Author Topic: Strange astronomical things...  (Read 12922 times)

planetaryscience

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Re: Strange astronomical things...
« Reply #75 on: June 20, 2014, 03:04:10 pm »
Always weirder !!! Here is a NGC object wich is a single star !!! Not a galaxy, a nebula... Nor even a binary star... It's just epsilon Ori...
1237646645692137507  NGC 1990
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While often confused with Epsilon Orionis, This is actually NGC 1990:
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Are you sure ? Look at this..

NED has known to be incorrect, and often guesses at things it's not sure of. And, unfortunately for them, they often turn out to be wrong :P. For instance, an NED search for NGC 67 turns up the nearby galaxy NGC 67a.
I like to find asteroids and galaxy mergers- but all galaxies are still fine to me.

AlexandredOr

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Re: Strange astronomical things...
« Reply #76 on: June 20, 2014, 03:08:24 pm »
And so this thread is useful  ;D ;D ;D ;)

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AlexandredOr

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Re: Strange astronomical things...
« Reply #77 on: June 20, 2014, 04:05:46 pm »
New strange puzzle..
1237674369680933046  IC 2345


IC 2345 is a basic and common single star   ??? ???

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AlexandredOr

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Re: Strange astronomical things...
« Reply #78 on: June 21, 2014, 11:51:19 am »
1237646646761816281  IC 2109


Yes, the insignificant star at the target is a IC object...
Weird. And strange....

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AlexandredOr

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Re: Strange astronomical things...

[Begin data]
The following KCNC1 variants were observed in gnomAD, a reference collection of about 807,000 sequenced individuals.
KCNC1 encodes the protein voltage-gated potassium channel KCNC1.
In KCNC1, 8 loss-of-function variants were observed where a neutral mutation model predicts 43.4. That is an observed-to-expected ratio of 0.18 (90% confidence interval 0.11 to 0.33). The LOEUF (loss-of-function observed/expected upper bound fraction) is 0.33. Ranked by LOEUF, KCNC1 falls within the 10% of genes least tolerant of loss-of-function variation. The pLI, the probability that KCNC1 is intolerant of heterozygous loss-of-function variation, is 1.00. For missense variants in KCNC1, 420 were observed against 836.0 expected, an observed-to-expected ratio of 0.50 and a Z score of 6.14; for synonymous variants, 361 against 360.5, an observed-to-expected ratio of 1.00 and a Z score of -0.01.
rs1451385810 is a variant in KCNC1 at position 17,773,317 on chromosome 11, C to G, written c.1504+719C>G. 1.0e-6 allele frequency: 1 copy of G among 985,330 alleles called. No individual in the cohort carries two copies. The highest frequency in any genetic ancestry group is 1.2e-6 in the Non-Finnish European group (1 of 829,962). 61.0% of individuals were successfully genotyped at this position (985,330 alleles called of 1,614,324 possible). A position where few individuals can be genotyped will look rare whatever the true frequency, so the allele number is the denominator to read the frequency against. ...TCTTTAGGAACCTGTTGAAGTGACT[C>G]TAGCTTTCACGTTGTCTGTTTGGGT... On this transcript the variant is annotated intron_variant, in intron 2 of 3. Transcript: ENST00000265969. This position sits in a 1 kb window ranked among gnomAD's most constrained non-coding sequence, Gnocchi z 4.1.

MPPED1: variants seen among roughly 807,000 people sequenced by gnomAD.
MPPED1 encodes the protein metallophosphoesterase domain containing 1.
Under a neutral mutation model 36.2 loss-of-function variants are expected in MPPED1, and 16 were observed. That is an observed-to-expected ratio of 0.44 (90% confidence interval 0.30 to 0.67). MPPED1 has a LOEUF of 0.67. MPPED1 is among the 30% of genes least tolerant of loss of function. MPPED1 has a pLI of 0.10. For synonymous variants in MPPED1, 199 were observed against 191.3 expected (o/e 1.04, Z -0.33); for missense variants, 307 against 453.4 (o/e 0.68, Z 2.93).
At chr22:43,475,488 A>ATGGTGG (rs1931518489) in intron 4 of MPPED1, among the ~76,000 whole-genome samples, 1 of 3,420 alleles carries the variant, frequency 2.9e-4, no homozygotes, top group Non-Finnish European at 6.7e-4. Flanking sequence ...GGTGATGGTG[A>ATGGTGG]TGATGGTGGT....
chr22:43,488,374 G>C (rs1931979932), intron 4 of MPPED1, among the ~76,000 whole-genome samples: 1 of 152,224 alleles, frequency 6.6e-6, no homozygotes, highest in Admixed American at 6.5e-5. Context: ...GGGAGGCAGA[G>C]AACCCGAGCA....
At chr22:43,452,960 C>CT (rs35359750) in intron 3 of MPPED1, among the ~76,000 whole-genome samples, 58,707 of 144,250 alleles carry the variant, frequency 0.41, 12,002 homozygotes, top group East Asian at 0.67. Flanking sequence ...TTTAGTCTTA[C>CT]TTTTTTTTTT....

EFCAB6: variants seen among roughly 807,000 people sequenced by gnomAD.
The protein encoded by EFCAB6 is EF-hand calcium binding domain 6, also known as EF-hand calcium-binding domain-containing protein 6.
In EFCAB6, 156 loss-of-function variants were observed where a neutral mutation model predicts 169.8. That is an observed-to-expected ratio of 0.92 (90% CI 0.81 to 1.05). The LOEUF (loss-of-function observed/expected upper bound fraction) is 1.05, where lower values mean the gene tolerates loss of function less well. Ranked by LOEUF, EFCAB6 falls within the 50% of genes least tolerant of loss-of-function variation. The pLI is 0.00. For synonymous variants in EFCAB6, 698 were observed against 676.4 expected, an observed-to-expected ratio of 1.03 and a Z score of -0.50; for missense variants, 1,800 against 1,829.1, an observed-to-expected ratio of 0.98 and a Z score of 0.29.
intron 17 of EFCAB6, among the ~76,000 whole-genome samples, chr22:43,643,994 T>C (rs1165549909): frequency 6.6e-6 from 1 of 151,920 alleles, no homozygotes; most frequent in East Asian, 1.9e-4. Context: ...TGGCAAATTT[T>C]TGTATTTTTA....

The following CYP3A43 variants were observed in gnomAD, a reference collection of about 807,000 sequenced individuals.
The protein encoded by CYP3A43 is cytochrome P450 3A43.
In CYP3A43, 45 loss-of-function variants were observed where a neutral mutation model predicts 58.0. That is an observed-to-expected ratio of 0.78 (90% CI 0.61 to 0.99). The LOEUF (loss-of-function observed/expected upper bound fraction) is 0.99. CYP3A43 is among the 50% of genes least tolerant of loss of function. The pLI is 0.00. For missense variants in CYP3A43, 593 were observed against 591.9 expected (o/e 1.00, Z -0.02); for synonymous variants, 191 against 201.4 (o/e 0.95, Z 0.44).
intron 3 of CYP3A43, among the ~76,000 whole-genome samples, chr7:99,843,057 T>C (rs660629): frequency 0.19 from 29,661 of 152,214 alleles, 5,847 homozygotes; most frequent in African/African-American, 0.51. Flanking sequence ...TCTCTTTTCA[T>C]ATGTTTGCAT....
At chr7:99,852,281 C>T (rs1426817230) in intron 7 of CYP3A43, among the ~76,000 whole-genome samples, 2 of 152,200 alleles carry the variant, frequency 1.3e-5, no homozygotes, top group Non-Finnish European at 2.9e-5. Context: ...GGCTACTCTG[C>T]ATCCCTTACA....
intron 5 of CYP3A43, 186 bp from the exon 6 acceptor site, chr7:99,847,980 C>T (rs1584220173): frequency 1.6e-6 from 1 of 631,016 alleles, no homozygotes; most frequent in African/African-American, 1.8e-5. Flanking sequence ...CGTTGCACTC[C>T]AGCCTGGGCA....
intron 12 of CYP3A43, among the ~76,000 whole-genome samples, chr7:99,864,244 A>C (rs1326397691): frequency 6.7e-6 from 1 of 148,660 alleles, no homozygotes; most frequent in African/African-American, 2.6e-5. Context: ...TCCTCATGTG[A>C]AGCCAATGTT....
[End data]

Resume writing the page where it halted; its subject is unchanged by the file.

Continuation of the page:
« Reply #79 on: June 21, 2014, 11:59:50 am »
1237678790808174647  NGC 0018


Finally, strange astronomical things are not so rare  ::)

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NGC3314

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Re: Strange astronomical things...
« Reply #80 on: June 21, 2014, 07:36:03 pm »
NED has known to be incorrect, and often guesses at things it's not sure of. And, unfortunately for them, they often turn out to be wrong :P. For instance, an NED search for NGC 67 turns up the nearby galaxy NGC 67a.

It's not like NED is some great artificial intelligence, it's a couple of people managing an enormous database which contains everything they can get their hands on published by astronomers dealing with galaxies and quasars. Their sum can hardly be better than what we give them, and in fact they do remarkably well at finding all of our typos and numerical transpositions. Think of NED as a guide to the accumulated information published by astronomers, with only basic consistency checks. They specifically do not want to adjudicate between different published galaxy classifications, for example.

(Which is a subtle way of saying - don't believe anything weird in NED without checking original sources, and don't crow about anything that looks bad unless you have sent a constructive email with documentation to NED. They are in fact human beings - I've met some - and will appreciate both parts. I also know that NED personnel are not unknown to check the GZ forum).